Before A-Rod and Jeter, there were J-Creigh and Woodward.
That would be James Creighton Jr., the world’s first true baseball star, and John B. Woodward, an outfielder who became a Union general in the Civil War. Both played for the Excelsior Club — sort of the Yankees of the early 1860’s — and now both reside in the Green-Wood Cemetery in Brooklyn.
It is there, on Sunday, even as the Red Sox are gathering in Baltimore for the North American, Tokyo-free debut of the baseball season, that history buffs will assemble for the first organized tour of some extraordinary monuments and their century-old baseball adornments. They mark the resting place of some 200 important figures in the early decades of the game.
All but a few of them — players, managers and sportswriters who are now credited with inventing and developing the sport — are forgotten. But intensive scholarship is showing that the cemetery is the final resting place not only for a Who’s Who of baseball heroes and dignitaries of the 19th century but also for dozens of other trailblazers of the sport.
“We knew that Green-Wood was a repository of New York’s past, but we never realized the extent of the cemetery’s inventory of early baseball history,” said Richard J. Moylan, president of Green-Wood.
To Peter J. Nash, the monuments of Green-Wood are “a living history of 19th-century baseball in the land of the dead.” Mr. Nash, an amateur scholar of the game who has spent four years poking around both hillocks and archives at the cemetery, has compiled these discoveries in a new book, “Baseball Legends of Brooklyn’s Green-Wood Cemetery” (Arcadia Publishing, $19.99).
Jeff Richman, the cemetery’s historian, has furthered this effort, using his encyclopedic knowledge of grave locations at the 478-acre property. “Peter came along and found baseball player after owner after team manager after scribe,” Mr. Richman said.
Their investigations have added weight to the growing body of evidence showing that the New York City region was an important incubator for the game. The monuments at Green-Wood, they found, chronicle the sociological transition of early baseball from a gentleman’s game to a more capitalistic enterprise for professionals. And researchers were surprised to learn of so many connections between baseball and the Civil War.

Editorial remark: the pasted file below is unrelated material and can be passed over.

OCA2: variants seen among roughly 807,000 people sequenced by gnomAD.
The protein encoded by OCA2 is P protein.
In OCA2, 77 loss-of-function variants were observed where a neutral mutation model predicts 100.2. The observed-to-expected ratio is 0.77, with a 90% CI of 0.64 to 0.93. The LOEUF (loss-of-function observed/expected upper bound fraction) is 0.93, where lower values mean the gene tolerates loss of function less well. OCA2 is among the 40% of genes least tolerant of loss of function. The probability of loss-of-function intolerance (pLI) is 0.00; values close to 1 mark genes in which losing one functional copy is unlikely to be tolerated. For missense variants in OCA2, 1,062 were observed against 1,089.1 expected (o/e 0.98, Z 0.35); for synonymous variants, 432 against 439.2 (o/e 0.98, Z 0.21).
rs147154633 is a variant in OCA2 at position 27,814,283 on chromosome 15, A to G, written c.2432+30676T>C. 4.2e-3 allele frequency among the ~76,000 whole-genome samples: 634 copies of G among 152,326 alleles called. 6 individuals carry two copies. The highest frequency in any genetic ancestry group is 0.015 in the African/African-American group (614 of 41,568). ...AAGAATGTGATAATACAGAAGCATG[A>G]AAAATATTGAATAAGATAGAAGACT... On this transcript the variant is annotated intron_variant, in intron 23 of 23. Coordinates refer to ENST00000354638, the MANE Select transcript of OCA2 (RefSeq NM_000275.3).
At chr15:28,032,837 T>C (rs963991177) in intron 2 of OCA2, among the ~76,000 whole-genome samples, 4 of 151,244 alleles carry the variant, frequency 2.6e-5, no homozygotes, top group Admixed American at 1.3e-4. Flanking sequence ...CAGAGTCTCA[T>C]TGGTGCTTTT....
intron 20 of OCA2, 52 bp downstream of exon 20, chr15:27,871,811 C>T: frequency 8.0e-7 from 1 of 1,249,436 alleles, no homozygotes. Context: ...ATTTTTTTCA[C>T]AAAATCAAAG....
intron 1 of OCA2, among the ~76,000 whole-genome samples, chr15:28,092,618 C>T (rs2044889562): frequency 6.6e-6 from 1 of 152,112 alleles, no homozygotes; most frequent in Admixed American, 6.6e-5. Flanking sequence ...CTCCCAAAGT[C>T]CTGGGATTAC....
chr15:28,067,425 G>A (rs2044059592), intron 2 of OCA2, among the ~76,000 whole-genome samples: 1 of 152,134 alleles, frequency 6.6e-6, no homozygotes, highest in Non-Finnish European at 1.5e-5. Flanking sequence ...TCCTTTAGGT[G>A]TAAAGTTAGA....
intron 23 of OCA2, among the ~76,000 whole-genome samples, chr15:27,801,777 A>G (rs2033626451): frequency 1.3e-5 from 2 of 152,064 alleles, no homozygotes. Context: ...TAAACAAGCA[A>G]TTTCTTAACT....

Green-Wood’s most prominent baseball monuments have long been celebrated. Ken Burns, the documentary filmmaker, who chronicled some of the cemetery’s better-known personages in his nine-episode Public Television series, “Baseball,” said: “We fooled ourselves for more than a century, thinking that baseball was, in its origins, a pastoral American game, born in Cooperstown, N.Y., and fulfilling every romantic image of who we are. But it was born in gritty cities — New York and Hoboken.”
“So if you’re looking for your true field of dreams,” he added, “try Green-Wood.”
The origins of baseball are murky and may stretch back to Revolutionary times and English roots. But Ted Spencer, chief curator of the National Baseball Hall of Fame and Museum in Cooperstown, said that “the more and more we see, I think the game finds its birthplace in Manhattan.”
Previous scholarship uncovered an organized baseball association in Manhattan in 1823. Some two decades after that, Mr. Spencer said, a New York group was “the first baseball club that wrote down the rules and played by them.”
The development of early baseball paralleled the development of Green-Wood, which was incorporated in 1838. Among the nearly 600,000 people buried there are no less than four pioneers who were accorded the title “Father of Baseball” in the popular press: Henry Chadwick, Duncan Curry, William Tucker and William Wheaton.
The memorial for Henry Chadwick bears a “Father of Base Ball” inscription. A journalist and tireless promoter of the game who perfected the box score, Chadwick railed against corruption, was the editor of annual baseball guides and made the future existence of rotisserie baseball possible by pioneering the adoption of statistical measures like the batting average.
The Chadwick memorial is topped by a massive granite baseball — complete with classic stitching — as well as a bronze catcher’s mask and baseball glove. Its boundaries are four sculptured stone bases around the monument’s perimeter, accurate down to the straps once used to fix them in place.